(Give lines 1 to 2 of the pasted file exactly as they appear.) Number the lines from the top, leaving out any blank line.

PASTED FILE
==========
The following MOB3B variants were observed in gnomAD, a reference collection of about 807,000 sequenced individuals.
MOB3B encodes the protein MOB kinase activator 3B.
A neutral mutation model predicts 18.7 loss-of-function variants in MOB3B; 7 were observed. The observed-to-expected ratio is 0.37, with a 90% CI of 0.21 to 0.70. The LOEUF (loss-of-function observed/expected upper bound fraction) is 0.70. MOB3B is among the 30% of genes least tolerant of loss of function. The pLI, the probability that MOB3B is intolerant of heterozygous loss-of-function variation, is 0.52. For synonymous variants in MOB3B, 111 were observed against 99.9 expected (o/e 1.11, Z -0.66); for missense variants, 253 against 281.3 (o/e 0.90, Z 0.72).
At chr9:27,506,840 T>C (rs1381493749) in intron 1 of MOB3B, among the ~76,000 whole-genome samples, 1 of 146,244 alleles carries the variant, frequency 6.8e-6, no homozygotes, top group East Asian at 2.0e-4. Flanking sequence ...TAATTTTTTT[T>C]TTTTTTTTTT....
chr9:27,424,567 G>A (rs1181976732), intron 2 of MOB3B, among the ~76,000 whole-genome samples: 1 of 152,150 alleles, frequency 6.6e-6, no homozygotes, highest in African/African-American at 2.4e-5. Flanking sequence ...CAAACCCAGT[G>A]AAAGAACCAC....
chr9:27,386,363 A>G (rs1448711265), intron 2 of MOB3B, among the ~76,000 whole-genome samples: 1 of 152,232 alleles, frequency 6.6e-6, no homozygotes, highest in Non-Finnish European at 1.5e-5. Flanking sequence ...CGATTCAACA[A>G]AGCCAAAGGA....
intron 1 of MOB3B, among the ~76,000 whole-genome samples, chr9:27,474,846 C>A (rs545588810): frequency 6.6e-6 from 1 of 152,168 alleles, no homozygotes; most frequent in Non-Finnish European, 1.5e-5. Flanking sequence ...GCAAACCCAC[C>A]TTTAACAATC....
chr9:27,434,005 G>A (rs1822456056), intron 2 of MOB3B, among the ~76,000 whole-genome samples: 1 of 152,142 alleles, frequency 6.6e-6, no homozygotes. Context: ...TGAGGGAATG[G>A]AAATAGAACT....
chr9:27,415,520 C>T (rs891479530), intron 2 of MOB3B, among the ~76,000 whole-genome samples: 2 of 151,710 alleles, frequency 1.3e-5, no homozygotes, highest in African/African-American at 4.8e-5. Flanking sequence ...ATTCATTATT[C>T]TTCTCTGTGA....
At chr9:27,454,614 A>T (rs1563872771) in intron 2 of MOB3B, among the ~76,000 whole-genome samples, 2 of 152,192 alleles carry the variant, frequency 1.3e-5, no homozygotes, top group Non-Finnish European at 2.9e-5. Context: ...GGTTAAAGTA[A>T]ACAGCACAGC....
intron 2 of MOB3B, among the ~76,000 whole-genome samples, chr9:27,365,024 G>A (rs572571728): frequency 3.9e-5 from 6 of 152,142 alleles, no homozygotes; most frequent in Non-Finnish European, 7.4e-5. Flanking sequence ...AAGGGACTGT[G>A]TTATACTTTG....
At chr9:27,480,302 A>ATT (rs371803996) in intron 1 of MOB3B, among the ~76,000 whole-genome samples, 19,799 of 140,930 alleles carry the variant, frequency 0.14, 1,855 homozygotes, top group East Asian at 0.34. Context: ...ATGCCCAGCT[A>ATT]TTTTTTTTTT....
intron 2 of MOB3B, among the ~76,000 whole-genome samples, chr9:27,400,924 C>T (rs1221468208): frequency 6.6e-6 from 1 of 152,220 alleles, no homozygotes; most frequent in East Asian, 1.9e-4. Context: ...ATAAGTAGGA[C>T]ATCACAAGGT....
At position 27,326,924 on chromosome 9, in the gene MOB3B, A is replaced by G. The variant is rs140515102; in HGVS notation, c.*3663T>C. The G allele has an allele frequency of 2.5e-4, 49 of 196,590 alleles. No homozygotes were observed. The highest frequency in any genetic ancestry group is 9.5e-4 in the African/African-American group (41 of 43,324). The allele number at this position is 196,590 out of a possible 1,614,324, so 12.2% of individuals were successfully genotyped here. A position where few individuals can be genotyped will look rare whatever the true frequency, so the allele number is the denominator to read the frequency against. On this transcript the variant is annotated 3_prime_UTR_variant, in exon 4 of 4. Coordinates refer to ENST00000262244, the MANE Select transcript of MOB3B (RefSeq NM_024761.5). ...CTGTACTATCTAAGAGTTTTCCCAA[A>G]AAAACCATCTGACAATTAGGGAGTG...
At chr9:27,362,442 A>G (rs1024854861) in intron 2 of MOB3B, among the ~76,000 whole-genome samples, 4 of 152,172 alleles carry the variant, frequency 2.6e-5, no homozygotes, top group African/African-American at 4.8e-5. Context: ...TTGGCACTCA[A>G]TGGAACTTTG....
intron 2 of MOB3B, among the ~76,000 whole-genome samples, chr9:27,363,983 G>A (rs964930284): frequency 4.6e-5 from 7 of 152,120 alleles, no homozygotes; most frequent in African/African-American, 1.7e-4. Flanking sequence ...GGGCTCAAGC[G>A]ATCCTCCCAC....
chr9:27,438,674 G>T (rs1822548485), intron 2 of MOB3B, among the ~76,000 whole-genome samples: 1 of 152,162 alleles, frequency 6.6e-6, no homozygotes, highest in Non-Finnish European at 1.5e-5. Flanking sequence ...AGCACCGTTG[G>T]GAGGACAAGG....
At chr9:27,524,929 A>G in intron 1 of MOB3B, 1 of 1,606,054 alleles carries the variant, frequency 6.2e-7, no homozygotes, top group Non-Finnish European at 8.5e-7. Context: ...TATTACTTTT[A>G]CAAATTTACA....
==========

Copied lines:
The following MOB3B variants were observed in gnomAD, a reference collection of about 807,000 sequenced individuals.
MOB3B encodes the protein MOB kinase activator 3B.